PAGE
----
Author Archives: Gabriela Piątkowska


Reading Time: 5 minutes

My two prior entries detailed the issues of privacy and were primarily focused on a one key actor – Facebook. That is why I decided to disprove the common view of another “marvelous” tech giant – Amazon. 

While the ongoing pandemic is a true hit for many businesses many of large, multinational companies are actually only getting bigger. One of them is Amazon. Its sales in the last quarter rose as much as 51% in comparison to the previous year. Also, it has surpassed Walmart as the biggest retailer by market capitalization in the United States. While other businesses are closing Amazon is only increasing its power and commercial reach. Do not get me wrong, there is nothing bad in “bigness” and with developing. The argument that Amazon creates terrific opportunities both in terms of creating the jobs and facilitating people setting up their own business is also perfectly logical and rational. However, too often have we fallen for the alleged benefits and too little have we considered the risks that stem from company’s enormous market power. 

Opinion | Is Amazon Bad for America? - The New York Times

While in Poland Amazon services do not yet have a strong market presence, in the United States and the UK it is a go-to service when it comes to essentially buying anything. You want to buy diapers? You order them on Amazon. You need a new dog toy? You go to Amazon. You are out of cheese? You only need to log in to Amazon Fresh and it can be delivered to you at once. However, with all those possibilities and freedom of choice for customers there has to be a catch. We rarely realize that the ones paying the price for Amazon’s incredible efficiency and speedy deliveries are its employees. Probably many of you are now thinking that it is their job and there is nothing they can complain about. They can always quit or file a complaint, right? Believe me, they do that. In November, when the holiday season started, as much as 600 of them signed and delivered a petition to improve their working conditions. It was only in one warehouse in New York and there are many more.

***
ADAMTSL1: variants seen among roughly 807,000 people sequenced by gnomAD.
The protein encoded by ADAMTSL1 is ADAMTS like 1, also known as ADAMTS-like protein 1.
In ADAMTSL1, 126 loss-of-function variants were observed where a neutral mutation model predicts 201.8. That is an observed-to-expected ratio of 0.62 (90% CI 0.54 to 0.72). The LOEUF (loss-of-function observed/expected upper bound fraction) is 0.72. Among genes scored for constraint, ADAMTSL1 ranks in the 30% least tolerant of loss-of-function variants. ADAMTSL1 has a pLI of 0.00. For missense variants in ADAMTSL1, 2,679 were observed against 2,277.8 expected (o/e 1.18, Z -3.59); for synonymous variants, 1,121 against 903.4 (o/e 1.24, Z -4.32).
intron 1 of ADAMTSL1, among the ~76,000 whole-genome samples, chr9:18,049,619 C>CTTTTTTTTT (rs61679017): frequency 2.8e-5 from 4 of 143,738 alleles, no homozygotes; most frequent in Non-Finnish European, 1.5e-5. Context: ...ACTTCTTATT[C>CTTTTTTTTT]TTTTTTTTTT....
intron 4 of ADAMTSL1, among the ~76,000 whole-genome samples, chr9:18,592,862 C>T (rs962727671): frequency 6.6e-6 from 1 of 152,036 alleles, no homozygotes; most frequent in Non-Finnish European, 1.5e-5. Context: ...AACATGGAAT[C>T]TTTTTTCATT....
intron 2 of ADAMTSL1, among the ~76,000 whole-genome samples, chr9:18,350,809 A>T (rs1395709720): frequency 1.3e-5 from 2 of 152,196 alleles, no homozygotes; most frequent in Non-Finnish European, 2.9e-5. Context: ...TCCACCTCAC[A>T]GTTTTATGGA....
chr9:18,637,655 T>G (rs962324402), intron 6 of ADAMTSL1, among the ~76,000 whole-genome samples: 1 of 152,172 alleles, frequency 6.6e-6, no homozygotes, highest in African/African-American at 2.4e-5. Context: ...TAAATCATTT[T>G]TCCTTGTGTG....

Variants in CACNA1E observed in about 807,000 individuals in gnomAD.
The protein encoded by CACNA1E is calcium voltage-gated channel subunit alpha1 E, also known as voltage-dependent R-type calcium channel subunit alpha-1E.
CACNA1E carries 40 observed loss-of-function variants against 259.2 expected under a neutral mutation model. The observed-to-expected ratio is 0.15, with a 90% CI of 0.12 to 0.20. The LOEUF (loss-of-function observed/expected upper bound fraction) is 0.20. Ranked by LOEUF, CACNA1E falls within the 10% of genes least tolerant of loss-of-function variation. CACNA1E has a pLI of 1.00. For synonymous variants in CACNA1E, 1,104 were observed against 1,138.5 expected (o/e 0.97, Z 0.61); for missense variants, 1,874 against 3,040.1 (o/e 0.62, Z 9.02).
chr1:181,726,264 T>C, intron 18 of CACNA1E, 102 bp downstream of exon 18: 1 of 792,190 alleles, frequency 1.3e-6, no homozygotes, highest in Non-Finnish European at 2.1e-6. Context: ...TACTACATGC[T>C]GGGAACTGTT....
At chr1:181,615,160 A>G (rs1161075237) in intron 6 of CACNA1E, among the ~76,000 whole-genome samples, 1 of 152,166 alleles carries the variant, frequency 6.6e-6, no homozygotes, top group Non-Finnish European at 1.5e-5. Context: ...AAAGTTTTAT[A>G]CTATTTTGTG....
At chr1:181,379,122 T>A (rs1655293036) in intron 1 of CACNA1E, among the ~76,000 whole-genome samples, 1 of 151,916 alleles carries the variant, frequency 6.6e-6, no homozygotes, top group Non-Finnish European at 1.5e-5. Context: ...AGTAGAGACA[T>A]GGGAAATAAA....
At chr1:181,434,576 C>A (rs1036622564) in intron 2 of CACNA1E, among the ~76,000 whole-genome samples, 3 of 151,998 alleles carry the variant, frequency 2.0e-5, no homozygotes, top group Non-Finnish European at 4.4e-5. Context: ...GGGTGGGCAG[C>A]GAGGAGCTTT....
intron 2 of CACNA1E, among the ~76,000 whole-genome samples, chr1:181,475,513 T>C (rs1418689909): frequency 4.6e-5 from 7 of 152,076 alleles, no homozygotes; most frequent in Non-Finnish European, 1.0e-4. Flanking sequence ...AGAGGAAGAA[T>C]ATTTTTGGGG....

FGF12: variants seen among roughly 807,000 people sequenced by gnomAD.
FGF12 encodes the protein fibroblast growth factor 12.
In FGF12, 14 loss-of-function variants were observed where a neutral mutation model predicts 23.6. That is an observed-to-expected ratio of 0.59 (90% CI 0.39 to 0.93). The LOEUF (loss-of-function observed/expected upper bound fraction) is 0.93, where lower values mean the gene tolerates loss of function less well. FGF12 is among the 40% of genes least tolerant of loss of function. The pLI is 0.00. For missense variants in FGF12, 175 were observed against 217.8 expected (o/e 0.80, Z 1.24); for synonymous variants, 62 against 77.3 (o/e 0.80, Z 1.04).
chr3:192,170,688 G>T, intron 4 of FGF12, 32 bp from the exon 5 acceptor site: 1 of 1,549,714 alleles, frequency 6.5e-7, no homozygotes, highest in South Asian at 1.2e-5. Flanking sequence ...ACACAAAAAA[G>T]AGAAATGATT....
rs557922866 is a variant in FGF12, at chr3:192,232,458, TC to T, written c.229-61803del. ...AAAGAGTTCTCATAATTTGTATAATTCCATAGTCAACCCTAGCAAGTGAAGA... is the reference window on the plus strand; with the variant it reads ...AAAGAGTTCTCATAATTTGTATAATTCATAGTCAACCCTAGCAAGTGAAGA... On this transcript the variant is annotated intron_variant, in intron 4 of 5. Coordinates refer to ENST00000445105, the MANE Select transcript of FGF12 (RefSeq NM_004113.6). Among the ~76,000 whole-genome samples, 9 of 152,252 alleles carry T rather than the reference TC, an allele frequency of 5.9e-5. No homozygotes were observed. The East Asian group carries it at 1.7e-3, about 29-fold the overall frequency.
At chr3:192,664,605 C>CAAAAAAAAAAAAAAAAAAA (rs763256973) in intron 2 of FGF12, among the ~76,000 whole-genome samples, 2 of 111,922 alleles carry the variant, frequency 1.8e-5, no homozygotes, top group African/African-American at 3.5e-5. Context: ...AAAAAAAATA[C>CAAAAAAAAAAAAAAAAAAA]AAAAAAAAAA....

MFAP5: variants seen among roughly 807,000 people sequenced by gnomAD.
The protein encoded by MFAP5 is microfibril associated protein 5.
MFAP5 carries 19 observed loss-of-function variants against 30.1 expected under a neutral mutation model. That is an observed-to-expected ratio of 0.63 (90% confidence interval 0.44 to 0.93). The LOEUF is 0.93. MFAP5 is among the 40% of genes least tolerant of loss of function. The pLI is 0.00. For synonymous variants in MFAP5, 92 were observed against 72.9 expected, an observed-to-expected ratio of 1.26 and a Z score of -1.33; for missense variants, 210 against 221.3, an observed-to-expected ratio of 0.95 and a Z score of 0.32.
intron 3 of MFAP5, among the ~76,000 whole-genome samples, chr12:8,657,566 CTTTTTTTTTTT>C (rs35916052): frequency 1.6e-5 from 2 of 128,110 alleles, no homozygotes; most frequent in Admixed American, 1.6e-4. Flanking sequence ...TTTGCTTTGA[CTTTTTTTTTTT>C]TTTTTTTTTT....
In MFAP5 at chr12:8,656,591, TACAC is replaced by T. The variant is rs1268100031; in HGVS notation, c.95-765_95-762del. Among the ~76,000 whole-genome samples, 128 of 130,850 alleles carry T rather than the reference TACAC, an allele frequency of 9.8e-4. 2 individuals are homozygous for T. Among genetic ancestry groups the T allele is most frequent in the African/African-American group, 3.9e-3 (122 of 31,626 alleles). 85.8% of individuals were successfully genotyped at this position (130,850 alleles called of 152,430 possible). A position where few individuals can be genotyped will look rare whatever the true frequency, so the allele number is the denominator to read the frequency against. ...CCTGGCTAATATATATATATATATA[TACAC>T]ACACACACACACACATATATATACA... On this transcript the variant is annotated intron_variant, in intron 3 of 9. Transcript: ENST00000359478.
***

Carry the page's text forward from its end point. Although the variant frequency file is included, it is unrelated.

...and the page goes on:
Nevertheless, let me show you how working for Amazon looks like. If you worked as a sorter you would have to scan 1800 Amazon packages in an hour. It is 30 packages per minute. Also, you would get 15-minute breaks. However, you would need that 15 minutes to walk to and from the room where you can spend your break. Did I mention that you can get fired every time you miss your hourly rate? 

There is no doubt that working for Amazon, in pretty much any non-senior capacity, is no dream job. Since Amazon is a marketplace, beyond the employees – there are also millions of sellers who use the platforms and as such, drive Amazon’s operations. From this, things can get ugly as well. I will present it in a form of a screenshot from the Amazon forum: